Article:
Near the turn of the twentieth century, a women’s college in Upper Manhattan was developing a reputation as a space for female education and inclusion. Founded in 1889 by Deaf educator and former President of Columbia College Frederick A.P. Barnard, Barnard College would play host to notable students including Zora Neale Huston, Jhumpa Lahiri, and Twyla Tharp. Four students bound by friendship, however, left their mark on the college and Greek life in general by founding a sorority based on friendship and inclusion in 1897: Alpha Omicron Pi.

The four founders — Stella George Stern Perry, Jessie Wallace Hughan, Helen St. Clair Mullan, and Elizabeth Heywood Wyman — met at this budding center for education in 1896 and decided their friendship should last forever. Taking matters into their own hands, the bold women gathered at Mullan’s house to plan the sorority and initiated their first member in the same year. Today, Alpha Omicron Pi has more than 170 collegiate chapters and 320 alumnae chapters across the country.

Barnard College vintage image near the founding of Alpha Omicron Pi
Barnard College exterior near the turn of the century. Courtesy of the New York Public Library Digital Collections.

Though creating a sisterhood with shared values of character and dignity, scholarship, and college loyalty bound the friends together, the motivation to create a new sisterhood at Barnard College stemmed from incidents of exclusion. At the time the women attended Barnard, the college had other fraternal organizations; though, many of these organizations refused to allow Jewish students to join their families. Perry was one of these students. Acting like the Barnard leader she was becoming, Perry did not let their exclusion stop her from joining a sisterhood. Instead, she instilled the value of inclusion in the sorority she and her best friends founded.

“We wanted a society that should continue our companionship through life, and extend the like joys to others, usefully, unselfishly and without pettiness,” Perry wrote. “We wanted to enshrine, sublimate, and perpetuate our love and our unity through service worthy of these blessings, deserving to persist. We wanted a fraternity that should carry on the delightful fellowships and cooperations of college days into the workaday years magnanimously, both in school and afterwards.”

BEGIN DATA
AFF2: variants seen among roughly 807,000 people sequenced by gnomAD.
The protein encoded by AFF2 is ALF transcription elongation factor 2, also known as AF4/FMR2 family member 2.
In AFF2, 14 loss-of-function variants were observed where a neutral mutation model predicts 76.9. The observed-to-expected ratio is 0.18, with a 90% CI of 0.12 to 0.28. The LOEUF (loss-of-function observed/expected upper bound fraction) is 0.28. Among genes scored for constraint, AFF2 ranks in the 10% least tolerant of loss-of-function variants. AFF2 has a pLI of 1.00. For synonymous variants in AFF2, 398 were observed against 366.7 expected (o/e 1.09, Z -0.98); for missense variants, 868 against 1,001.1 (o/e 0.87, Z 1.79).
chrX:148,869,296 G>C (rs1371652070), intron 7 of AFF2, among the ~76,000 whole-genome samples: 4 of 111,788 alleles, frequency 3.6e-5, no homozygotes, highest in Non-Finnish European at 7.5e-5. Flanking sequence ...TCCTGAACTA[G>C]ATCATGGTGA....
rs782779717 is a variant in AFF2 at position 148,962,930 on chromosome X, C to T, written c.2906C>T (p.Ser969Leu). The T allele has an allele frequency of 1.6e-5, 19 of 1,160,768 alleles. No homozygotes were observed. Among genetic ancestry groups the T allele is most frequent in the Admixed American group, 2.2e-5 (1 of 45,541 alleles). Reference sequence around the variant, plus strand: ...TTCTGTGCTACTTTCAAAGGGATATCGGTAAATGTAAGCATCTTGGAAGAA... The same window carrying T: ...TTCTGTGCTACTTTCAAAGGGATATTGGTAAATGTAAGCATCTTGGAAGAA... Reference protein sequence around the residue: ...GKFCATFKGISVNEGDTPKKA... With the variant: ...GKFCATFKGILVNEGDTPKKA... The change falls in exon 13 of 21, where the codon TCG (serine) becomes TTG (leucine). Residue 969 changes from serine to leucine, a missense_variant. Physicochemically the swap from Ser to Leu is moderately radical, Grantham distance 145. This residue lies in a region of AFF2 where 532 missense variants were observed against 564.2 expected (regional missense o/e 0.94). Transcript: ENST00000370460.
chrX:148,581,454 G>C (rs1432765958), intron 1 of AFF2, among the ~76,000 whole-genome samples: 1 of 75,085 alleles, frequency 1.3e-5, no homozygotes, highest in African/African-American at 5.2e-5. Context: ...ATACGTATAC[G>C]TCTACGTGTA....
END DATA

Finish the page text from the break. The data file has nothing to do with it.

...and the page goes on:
Alpha Omicron Pi sorority house at Tulane
The Alpha Omicron Pi sorority house at Tulane Univesity shortly after the chapter’s founding. Courtesy of Wikimedia Commons.

Following the creation of Alpha Omicron Pi’s Alpha chapter at Barnard College, other chapters quickly popped up around the country. Less than a year after the young women gathered to plan the sorority’s details, new sisters at Sophie Newcomb Memorial College, which is now known as Tulane University, founded the sorority’s Pi Chapter.

When the sorority moved south, other chapters quickly arose at larger universities including the University of Tennessee and the University of Nebraska. By 1905, the sorority would join the Inter-Sorority Conference, which aimed to “improve the methods of rushing and pledging,” according to the Alpha Omicron Pi historical archives. This group would later become the National Panhellenic Conference, which is an umbrella organization that supports 26 active sororities across the United States.

By Alpha Omicron Pi’s 25th anniversary in 1922, the sorority had more than 25 chapters strewn across the country who believed in the organization’s message: “to encourage a spirit of Fraternity and love among its members; to stand at all times for character, dignity, scholarship, and college loyalty; to strive for and support the best interests of the colleges and universities in which chapters are installed, and in no way to disregard, injure, or sacrifice those interests for the sake of prestige or advancement of the Fraternity or any of its chapters.”

However, the sorority’s founders would soon be gone, meaning the sisterhood they created would need to carry on the friendship they cherished. Luckily, Alpha Omicron Pi chapters across the country hold an annual rush, or formal recruitment, for potential new members of the sorority to find their “forever home.” This phenomenon, which has recently captured the fascination of social media users who use the hashtag #RushTok, among others to record their reactions, still occurs today. Throughout the recruitment process, current members speak with potential members to share the sorority’s values and determine if the young woman would be a good fit for the sisterhood.

Sororities today do not exist without a scrutinized history. Movements to #AbolishGreekLife arose in the summer of 2020 after many deemed sororities and fraternities across the country as organizations with a racist past. It cannot be ignored that Alpha Omicron Pi was a segregated sorority until 1956 despite its early efforts to accept Jewish women, yet another group historically excluded from sororities. Yet some universities, including the University of Alabama, did not formally desegregate Greek Life until the 21st century.

Barnard College today.

While we look back at this dark past, it is important to look at the values these organizations were founded on to determine if the organizations are following them in good faith. The bold Alpha Omicron Pi women at Barnard College of Columbia University believe in the values of “simplicity, integrity, tolerance, generosity, personal dignity, and love.” For now, it is in the hands of these sisters and their sisters across the country to continue the legacy of Perry, Hughan, Mullan, and Wyman.

According to the sorority, Perry once wrote, “that which makes our bond is promise certain of success. Let us follow our ensign devotedly, utterly and bravely. For our purpose cannot fail.”